Policy Debates | August 9, 2018

Issue: Active Cyber Defense in Germany

Tracks: "Encryption Policy & Government Hacking" and “Cyber Defense & Political IT Infrastructures”



Since 2015 when threat actors penetrated the IT systems of the German Parliament, security and intelligence agencies in Germany have been pushing for a legal framework enabling them to conduct active cyber defense. Since then, technical and (international) legal experts as well as civil society and private sector representatives have been pushing back against this idea.

For the last twelve months, this issue has been rather dormant due to unusually prolonged coalition talks after the federal elections last year, which prohibited the formation of a government. While the new coalition treaty - the jointly agreed document specifying policy priorities of the governing parties - does not explicitly state active cyber defense as a goal, representatives of security and intelligence agencies are making their rounds to convince policy-makers and the public of the need to strike back in cyberspace. Draft concepts discussing specific measures which should be part of an active cyber defense legislation are currently drawn up in the respective agencies.


Our Take

Due to also somewhat counterproductive public and political debates referring to all kinds of different definitions and measures without finding any common ground, we saw the need to talk to representatives from the respective ministries as well as security and intelligence agencies and create the first comprehensive overview of suggested activities under the umbrella of “hackbacks”/ active cyber defense for Germany.

Suggested activities range from requesting virtual images of compromised servers from Internet Service Providers and web hosters, to hacking domestic and foreign IT systems, and even conducting Distributed-Denial-of-Service attacks to disrupt attackers’ infrastructures.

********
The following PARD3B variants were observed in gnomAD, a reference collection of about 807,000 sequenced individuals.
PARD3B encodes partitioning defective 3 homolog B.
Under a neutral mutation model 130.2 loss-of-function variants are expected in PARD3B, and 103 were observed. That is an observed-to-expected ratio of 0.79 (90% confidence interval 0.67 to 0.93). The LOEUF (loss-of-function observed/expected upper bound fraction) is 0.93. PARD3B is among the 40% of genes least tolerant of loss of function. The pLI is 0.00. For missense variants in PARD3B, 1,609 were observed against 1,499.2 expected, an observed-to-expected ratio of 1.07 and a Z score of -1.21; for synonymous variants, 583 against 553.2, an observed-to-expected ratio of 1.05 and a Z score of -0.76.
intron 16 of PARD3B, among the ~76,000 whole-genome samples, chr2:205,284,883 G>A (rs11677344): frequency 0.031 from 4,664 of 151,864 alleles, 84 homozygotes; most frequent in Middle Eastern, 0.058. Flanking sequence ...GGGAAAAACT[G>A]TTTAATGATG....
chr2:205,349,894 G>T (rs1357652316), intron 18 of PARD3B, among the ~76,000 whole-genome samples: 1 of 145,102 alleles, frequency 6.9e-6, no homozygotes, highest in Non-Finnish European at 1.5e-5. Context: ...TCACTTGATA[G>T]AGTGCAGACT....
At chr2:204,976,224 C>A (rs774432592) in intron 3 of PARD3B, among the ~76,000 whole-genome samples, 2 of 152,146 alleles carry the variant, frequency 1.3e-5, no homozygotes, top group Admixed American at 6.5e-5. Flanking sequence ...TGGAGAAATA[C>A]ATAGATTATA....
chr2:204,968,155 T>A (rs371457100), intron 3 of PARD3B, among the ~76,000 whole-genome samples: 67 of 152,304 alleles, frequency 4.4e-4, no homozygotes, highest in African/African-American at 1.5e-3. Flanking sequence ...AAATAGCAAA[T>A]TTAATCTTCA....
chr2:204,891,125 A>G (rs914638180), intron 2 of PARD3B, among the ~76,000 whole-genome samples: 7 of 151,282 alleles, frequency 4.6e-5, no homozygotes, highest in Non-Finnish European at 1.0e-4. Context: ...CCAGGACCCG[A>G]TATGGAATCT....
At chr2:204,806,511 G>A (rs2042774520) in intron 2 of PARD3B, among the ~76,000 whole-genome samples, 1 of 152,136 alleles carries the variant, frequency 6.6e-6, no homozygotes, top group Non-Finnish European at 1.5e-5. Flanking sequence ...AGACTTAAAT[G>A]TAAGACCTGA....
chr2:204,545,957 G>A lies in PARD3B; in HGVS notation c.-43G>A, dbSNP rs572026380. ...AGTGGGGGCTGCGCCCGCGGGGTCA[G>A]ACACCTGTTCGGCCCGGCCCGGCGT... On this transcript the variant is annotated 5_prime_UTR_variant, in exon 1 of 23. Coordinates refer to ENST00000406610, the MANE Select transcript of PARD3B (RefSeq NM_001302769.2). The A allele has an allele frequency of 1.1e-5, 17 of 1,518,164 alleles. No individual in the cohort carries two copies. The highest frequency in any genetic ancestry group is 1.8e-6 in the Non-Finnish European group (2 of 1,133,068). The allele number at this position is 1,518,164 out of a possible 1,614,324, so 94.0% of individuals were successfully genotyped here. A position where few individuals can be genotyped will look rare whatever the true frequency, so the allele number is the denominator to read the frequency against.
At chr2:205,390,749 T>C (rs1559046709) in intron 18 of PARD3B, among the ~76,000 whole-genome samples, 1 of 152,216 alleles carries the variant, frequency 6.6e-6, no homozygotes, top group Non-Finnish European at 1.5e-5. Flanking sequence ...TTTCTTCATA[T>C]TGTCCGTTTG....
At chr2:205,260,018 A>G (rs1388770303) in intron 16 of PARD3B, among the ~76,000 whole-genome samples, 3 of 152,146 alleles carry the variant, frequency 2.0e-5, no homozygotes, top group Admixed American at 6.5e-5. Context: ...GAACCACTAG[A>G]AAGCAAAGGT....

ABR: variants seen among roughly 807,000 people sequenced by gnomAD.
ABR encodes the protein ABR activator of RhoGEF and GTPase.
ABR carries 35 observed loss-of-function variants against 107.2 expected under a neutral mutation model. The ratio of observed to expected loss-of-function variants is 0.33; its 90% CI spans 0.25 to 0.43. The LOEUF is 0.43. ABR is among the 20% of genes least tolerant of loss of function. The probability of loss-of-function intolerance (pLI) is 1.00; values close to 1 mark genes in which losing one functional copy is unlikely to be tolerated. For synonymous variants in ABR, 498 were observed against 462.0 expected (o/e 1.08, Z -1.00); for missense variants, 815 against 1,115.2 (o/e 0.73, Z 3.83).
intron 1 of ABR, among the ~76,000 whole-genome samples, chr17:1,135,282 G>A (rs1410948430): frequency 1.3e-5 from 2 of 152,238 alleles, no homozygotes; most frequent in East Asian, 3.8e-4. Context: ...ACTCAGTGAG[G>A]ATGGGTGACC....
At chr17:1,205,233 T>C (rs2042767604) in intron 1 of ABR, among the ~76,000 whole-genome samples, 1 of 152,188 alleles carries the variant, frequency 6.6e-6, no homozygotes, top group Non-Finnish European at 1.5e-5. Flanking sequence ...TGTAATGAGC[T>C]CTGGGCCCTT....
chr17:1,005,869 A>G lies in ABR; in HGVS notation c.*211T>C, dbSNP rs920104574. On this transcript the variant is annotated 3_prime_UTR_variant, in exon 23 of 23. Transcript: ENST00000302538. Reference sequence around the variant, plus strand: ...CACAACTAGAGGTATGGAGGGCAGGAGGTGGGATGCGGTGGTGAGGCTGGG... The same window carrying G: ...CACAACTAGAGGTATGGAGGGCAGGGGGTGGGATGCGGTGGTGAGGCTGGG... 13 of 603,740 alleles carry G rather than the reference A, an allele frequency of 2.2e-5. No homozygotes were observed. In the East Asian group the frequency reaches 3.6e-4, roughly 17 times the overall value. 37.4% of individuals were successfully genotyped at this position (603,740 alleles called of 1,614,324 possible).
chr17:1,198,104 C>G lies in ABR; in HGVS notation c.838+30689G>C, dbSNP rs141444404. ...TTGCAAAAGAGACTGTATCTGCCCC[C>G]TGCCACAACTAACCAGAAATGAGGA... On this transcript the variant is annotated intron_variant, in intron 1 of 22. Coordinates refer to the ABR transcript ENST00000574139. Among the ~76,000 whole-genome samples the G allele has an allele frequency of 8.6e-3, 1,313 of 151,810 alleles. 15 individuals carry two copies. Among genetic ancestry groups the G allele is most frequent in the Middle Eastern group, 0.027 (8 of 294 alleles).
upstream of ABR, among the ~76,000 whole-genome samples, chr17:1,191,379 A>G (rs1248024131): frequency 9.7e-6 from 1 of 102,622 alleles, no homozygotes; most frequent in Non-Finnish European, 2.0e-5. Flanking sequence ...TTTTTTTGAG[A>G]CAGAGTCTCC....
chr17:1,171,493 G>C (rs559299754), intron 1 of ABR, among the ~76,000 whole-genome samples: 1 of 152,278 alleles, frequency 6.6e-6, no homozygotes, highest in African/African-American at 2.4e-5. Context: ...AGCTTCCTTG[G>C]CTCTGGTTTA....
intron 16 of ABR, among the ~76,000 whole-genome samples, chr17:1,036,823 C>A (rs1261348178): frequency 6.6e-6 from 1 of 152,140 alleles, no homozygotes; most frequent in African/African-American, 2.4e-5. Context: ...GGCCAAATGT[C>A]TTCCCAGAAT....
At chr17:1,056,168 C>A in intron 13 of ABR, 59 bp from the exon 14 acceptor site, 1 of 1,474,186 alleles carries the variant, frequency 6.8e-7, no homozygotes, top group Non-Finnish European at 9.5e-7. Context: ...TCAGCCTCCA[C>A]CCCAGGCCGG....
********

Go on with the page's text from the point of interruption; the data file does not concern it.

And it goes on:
The German debate is entirely focused on the civilian agencies in the public sector with the intelligence agencies currently being thought of as bodies for implementation.  

Distinct from this, the new cyber division of the armed forces is legally allowed to conduct offensive cyber operations, following conventional and existing procedures: parliamentary approval and state of defense.

It is not yet fully clear how the government is going to approach the legislation that aims to govern active cyber defense in the civilian sphere. It is likely that a comprehensive change to the current legislative framework enabling said activities would require a two-thirds majority in parliament. The ruling parties CDU/CSU and SPD do not have this kind of majority. Additionally, a good number of members from the SPD seem to not support this issue. We therefore expect (most) active cyber defense provisions to be injected in the planned legislation for protecting critical infrastructures -- the second version of the IT security law -- which we will likely see next year.




Author: Dr. Sven Herpig



Transatlantic Cyber Forum

Policy Debates | September 3, 2018

Issue: “German DARPA” to be established

Track: All TCF tracks


Inspired by DARPA and its Israeli counterpart, the German Ministers of Defense and Interior announced on August 29 the setup of a new “cyber agency”. This new agency will be tasked with identifying and funding cutting-edge research of offensive and defensive cyber technologies for both civil and military purposes. Compared to existing programs it is explicitly asked to fund high-risk high-potential “disruptive” German research endeavours in their early stages even though many of them might fail to lead to any breakthrough or final product. Although the funding has not yet been approved by the government, the Ministries foresee a budget of around 200 million Euros (~234 million USD) over the course of the next 5 years with 80% of it to be spent on research funding. The funding is supposed to be increased later on. The two main arguments for establishing such an agency were: less bureaucracy and more high-risk funding to catch up with the digitization and making Germany more secure.